Let us denote by the set of all differentiable maps from to . A so-called ``de Rham cohomology'' of is computed as a cohomology of a complex
We see that:
Actually, the dimension of the 0 -th cohomology is related to a number of the connected component of . The dimension of the -st cohomology is related to a number of the `hole' of . Cohomology is then a good tool to obtain numbers (``invariants'') of geometric objects.
Cohomology also arises as ``obstructions''. Indeed, the de Rham cohomology of the tells us a hint about ``which functions are integrable'', etc.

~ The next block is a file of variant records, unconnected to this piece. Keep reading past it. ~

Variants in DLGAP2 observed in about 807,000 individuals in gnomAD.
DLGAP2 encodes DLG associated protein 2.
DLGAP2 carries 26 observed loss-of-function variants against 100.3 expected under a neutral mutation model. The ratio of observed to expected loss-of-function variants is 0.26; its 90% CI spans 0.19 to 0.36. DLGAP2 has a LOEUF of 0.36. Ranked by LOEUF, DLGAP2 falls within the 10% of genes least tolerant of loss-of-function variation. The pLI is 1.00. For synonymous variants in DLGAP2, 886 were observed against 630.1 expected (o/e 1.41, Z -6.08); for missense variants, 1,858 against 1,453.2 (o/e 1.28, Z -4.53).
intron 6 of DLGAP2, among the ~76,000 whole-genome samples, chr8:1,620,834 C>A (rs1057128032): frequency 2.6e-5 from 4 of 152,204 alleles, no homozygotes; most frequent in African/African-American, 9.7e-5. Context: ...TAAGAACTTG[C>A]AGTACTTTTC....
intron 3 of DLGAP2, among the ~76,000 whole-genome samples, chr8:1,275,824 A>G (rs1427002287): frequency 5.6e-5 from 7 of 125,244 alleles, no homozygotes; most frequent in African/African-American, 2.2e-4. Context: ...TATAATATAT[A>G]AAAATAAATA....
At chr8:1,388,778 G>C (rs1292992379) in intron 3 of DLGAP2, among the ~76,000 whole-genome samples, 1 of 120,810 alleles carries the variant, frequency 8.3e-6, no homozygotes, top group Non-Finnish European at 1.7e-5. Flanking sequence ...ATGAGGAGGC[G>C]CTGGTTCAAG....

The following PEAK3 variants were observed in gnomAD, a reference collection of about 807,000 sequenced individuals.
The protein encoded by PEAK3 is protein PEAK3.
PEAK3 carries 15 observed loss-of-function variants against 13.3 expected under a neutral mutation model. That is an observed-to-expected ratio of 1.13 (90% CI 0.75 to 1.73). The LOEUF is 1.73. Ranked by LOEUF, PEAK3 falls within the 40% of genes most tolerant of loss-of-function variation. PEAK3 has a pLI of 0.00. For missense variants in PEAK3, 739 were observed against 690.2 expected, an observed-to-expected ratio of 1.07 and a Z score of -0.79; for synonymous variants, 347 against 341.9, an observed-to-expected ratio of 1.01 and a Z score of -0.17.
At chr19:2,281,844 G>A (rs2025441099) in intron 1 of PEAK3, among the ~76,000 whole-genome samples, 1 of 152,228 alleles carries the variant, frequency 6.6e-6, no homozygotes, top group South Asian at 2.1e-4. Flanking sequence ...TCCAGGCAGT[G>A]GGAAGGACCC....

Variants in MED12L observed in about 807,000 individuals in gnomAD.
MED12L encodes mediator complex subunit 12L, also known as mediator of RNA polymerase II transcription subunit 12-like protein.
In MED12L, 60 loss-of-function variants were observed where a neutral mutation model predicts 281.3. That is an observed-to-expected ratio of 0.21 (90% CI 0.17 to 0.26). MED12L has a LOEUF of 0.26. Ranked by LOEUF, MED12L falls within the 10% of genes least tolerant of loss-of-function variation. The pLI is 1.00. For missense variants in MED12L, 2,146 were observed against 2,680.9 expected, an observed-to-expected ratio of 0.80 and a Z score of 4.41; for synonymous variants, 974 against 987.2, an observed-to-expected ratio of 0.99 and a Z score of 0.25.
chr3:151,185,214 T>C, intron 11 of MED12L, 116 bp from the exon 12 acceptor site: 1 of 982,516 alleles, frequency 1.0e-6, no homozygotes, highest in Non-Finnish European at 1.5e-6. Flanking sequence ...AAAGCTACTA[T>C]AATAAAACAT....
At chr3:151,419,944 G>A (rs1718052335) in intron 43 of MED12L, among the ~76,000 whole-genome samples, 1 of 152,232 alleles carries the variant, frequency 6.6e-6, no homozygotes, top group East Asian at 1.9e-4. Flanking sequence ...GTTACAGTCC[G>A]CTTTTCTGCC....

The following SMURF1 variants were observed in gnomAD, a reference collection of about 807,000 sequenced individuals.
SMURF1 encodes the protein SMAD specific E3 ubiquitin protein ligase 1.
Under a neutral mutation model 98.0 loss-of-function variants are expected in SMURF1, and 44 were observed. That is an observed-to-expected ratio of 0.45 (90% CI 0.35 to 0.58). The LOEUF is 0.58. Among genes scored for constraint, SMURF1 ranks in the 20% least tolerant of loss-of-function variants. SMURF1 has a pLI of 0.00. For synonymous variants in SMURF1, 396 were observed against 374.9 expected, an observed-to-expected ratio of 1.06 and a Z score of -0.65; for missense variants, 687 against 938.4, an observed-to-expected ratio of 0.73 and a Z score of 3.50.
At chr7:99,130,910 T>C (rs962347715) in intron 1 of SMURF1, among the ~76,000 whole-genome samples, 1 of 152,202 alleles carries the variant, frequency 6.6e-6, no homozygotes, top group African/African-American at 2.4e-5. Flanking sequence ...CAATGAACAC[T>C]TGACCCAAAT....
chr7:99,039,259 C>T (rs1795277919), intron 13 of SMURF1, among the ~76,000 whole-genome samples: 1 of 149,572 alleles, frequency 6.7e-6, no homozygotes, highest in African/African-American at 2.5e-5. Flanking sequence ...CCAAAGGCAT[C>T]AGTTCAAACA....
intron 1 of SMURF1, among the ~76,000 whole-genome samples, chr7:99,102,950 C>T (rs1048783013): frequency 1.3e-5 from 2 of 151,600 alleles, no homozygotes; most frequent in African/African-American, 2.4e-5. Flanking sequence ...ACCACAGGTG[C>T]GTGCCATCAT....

In this talk we give a definition and explain some basic properties of cohomologies. But before that, we first deal with some category theory.
holds for any ( ).
In this text we always assume the following.
For any set , there always exists a universe such that .